TLUSTY non-LTE model atmosphere calculations have been used to determine atmospheric parameters and nitrogen (N) abundances for 34 single and 18 binary B-type supergiants (BSGs). The effects of flux contribution from an unseen secondary were considered for the binary sample. We present the first systematic study of the incidence of binarity for a sample of BSGs across the theoretical terminal age main sequence (TAMS). To account for the distribution of effective temperatures of the BSGs it may be necessary to extend the TAMS to lower temperatures. This is consistent with the derived distribution of mass discrepancies, projected rotational velocities (vsini) and N abundances, provided that stars cooler than this temperature are post RSG objects. For the BSGs in the Tarantula and previous FLAMES surveys, most have small vsini. About 10% have larger vsini (>100 km/s) but surprisingly these show little or no N enhancement. All the cooler BSGs have low vsini of <70km/s and high N abundance estimates, implying that either bi-stability braking or evolution on a blue loop may be important. A lack of cool binaries, possibly reflects the small sample size. Single star evolutionary models, which include rotation, can account for the N enhancement in both the single and binary samples. The detailed distribution of N abundances in the single and binary samples may be different, possibly reflecting differences in their evolutionary history. The first comparative study of single and binary BSGs has revealed that the main sequence may be significantly wider than previously assumed, extending to Teff=20000K. Some marginal differences in single and binary atmospheric parameters and abundances have been identified, possibly implying non-standard evolution for some of the sample. This sample as a whole has implications for several aspects of our understanding of the evolution of BSGs. Full abstract in paper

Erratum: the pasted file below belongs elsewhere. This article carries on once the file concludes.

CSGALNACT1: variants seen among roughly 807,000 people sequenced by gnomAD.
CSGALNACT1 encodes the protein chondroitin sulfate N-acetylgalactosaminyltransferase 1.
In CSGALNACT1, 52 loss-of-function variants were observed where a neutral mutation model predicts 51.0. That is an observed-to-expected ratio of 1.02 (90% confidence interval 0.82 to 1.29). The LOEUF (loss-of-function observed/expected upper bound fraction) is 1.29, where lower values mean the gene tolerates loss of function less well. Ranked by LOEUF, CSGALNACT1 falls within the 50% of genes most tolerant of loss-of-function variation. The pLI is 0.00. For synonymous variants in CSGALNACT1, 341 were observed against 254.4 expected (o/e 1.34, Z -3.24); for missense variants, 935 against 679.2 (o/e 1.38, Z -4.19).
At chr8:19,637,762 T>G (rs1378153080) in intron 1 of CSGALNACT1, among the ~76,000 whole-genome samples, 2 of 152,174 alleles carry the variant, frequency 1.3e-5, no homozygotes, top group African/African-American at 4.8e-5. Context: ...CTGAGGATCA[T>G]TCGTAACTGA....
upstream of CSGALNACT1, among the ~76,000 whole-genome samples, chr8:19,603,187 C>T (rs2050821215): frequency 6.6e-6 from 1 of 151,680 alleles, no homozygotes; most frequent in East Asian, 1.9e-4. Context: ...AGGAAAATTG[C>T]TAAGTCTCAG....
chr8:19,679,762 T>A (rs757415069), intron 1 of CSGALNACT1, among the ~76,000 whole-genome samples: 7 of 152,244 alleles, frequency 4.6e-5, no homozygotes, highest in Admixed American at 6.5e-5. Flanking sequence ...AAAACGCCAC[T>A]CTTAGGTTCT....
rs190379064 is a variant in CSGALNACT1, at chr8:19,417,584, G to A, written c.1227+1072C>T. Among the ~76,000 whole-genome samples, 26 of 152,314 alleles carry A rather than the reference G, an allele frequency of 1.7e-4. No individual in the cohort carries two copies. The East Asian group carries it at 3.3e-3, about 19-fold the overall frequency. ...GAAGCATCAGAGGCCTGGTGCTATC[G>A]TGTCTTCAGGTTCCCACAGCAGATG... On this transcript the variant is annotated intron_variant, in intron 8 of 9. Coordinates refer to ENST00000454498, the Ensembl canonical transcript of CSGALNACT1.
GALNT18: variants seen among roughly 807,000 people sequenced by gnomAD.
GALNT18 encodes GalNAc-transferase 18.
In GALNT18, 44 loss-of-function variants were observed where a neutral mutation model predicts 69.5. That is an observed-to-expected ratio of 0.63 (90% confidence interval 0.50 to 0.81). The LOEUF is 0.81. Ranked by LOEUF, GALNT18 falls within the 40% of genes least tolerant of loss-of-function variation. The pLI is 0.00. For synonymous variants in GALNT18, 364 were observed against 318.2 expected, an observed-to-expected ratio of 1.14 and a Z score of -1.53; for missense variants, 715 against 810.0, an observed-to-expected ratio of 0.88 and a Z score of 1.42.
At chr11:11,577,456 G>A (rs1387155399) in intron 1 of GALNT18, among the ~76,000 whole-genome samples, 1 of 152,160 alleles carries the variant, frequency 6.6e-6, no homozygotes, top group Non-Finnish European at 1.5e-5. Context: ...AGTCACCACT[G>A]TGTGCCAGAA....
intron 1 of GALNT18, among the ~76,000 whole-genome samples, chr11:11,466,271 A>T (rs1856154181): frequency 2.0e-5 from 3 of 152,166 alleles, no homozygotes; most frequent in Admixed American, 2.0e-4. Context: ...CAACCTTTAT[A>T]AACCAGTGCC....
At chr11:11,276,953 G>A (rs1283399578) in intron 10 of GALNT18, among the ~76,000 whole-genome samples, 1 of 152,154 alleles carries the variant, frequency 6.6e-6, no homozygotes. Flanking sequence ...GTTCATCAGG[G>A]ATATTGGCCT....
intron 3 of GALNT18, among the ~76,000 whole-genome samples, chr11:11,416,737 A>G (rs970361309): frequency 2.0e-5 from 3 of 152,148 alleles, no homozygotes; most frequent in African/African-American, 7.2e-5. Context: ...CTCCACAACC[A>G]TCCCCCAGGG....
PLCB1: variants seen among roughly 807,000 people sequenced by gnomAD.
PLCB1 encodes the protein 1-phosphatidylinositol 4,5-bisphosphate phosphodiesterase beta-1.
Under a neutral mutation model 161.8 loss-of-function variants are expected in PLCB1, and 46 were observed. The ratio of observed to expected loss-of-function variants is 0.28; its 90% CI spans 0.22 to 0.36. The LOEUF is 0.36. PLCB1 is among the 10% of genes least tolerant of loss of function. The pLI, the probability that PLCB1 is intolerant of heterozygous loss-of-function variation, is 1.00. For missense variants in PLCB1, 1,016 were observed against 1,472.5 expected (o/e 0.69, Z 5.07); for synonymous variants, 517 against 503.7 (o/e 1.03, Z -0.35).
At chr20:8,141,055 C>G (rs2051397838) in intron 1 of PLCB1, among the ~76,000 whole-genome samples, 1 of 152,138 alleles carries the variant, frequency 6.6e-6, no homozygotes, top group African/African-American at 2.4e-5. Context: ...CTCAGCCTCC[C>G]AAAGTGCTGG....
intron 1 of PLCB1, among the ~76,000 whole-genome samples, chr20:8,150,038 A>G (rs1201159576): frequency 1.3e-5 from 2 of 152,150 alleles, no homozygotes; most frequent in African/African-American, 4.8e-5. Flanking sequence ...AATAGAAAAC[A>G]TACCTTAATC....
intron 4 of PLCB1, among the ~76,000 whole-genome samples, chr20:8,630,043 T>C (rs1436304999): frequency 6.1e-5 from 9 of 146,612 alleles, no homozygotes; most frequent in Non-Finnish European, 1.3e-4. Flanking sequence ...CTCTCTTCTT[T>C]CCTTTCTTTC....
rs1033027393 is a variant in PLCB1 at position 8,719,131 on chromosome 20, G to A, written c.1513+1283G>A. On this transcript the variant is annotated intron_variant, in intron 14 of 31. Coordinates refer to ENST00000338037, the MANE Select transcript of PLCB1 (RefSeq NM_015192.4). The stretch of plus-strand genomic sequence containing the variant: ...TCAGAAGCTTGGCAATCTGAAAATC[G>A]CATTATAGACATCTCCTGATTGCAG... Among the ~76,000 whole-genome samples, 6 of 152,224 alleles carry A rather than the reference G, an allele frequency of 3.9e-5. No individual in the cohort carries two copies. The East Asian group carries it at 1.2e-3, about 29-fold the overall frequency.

C. McEvoy, P. Dufton, C. Evans, et. al.
Tue, 9 Dec 14
Comments: 22 pages, 15 figures, 11 tables